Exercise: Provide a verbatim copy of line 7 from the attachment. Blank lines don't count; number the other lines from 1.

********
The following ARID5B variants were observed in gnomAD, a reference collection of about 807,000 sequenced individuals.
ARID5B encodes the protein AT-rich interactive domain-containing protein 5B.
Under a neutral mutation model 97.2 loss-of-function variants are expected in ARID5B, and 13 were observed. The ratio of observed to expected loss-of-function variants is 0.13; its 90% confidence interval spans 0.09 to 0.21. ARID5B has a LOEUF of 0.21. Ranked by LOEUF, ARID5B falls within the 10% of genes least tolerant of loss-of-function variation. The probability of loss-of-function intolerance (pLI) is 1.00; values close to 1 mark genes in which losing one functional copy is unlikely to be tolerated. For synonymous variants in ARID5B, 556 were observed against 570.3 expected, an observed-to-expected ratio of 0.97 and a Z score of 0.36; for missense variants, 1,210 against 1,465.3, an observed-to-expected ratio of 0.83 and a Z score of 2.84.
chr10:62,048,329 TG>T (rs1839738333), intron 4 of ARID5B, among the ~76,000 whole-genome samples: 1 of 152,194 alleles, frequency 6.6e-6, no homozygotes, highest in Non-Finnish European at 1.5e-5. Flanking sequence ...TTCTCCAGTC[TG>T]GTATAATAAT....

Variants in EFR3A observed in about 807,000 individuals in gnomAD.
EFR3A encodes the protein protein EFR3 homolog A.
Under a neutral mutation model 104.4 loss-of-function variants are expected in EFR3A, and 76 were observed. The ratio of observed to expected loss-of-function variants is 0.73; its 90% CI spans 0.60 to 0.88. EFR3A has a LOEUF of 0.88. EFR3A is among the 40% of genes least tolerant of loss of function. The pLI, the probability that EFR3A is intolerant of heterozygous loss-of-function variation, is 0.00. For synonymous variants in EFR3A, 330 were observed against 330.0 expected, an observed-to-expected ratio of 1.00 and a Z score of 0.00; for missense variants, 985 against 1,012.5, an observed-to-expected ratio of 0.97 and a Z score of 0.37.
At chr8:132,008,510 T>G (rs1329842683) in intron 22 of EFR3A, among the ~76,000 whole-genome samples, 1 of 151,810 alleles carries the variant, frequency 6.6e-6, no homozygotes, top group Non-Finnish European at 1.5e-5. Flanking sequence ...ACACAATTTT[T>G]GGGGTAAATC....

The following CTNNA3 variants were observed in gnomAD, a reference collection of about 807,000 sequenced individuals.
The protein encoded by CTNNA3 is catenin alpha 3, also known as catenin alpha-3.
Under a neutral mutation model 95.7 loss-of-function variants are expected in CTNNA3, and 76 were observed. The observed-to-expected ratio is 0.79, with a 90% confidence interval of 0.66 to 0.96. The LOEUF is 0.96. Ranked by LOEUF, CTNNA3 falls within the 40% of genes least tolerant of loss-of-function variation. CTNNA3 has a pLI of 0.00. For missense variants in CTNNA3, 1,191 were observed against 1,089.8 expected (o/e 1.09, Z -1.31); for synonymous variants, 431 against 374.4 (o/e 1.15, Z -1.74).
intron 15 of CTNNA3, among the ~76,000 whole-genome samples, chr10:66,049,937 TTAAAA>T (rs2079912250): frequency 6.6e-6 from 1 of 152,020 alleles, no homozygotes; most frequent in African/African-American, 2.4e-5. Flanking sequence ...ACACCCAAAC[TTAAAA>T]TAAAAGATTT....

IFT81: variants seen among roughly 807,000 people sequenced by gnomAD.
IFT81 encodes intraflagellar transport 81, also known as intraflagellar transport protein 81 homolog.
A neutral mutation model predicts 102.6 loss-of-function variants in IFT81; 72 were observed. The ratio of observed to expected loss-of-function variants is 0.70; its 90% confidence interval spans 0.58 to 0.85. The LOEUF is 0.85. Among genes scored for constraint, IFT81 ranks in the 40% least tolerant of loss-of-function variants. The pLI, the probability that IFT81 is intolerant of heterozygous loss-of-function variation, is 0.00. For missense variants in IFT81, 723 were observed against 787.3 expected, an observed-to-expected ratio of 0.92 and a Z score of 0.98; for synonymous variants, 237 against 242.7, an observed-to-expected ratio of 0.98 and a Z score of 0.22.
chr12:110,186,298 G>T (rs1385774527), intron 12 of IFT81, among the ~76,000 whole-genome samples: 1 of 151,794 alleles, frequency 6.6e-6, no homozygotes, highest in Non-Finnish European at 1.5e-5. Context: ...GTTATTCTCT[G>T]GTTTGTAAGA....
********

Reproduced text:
Under a neutral mutation model 104.4 loss-of-function variants are expected in EFR3A, and 76 were observed. The ratio of observed to expected loss-of-function variants is 0.73; its 90% CI spans 0.60 to 0.88. EFR3A has a LOEUF of 0.88. EFR3A is among the 40% of genes least tolerant of loss of function. The pLI, the probability that EFR3A is intolerant of heterozygous loss-of-function variation, is 0.00. For synonymous variants in EFR3A, 330 were observed against 330.0 expected, an observed-to-expected ratio of 1.00 and a Z score of 0.00; for missense variants, 985 against 1,012.5, an observed-to-expected ratio of 0.97 and a Z score of 0.37.